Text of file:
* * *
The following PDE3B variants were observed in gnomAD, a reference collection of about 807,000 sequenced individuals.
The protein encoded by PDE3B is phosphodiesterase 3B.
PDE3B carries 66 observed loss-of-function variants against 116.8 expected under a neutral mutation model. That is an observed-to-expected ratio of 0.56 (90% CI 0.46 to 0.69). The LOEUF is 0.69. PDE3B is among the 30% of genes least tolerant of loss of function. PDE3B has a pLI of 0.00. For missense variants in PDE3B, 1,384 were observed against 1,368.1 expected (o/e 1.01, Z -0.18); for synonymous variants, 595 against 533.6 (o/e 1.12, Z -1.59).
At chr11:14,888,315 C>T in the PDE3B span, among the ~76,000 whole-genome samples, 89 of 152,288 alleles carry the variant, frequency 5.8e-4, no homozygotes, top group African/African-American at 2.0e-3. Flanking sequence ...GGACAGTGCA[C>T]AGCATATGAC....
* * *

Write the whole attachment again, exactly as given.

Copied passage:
The following PDE3B variants were observed in gnomAD, a reference collection of about 807,000 sequenced individuals.
The protein encoded by PDE3B is phosphodiesterase 3B.
PDE3B carries 66 observed loss-of-function variants against 116.8 expected under a neutral mutation model. That is an observed-to-expected ratio of 0.56 (90% CI 0.46 to 0.69). The LOEUF is 0.69. PDE3B is among the 30% of genes least tolerant of loss of function. PDE3B has a pLI of 0.00. For missense variants in PDE3B, 1,384 were observed against 1,368.1 expected (o/e 1.01, Z -0.18); for synonymous variants, 595 against 533.6 (o/e 1.12, Z -1.59).
At chr11:14,888,315 C>T in the PDE3B span, among the ~76,000 whole-genome samples, 89 of 152,288 alleles carry the variant, frequency 5.8e-4, no homozygotes, top group African/African-American at 2.0e-3. Flanking sequence ...GGACAGTGCA[C>T]AGCATATGAC....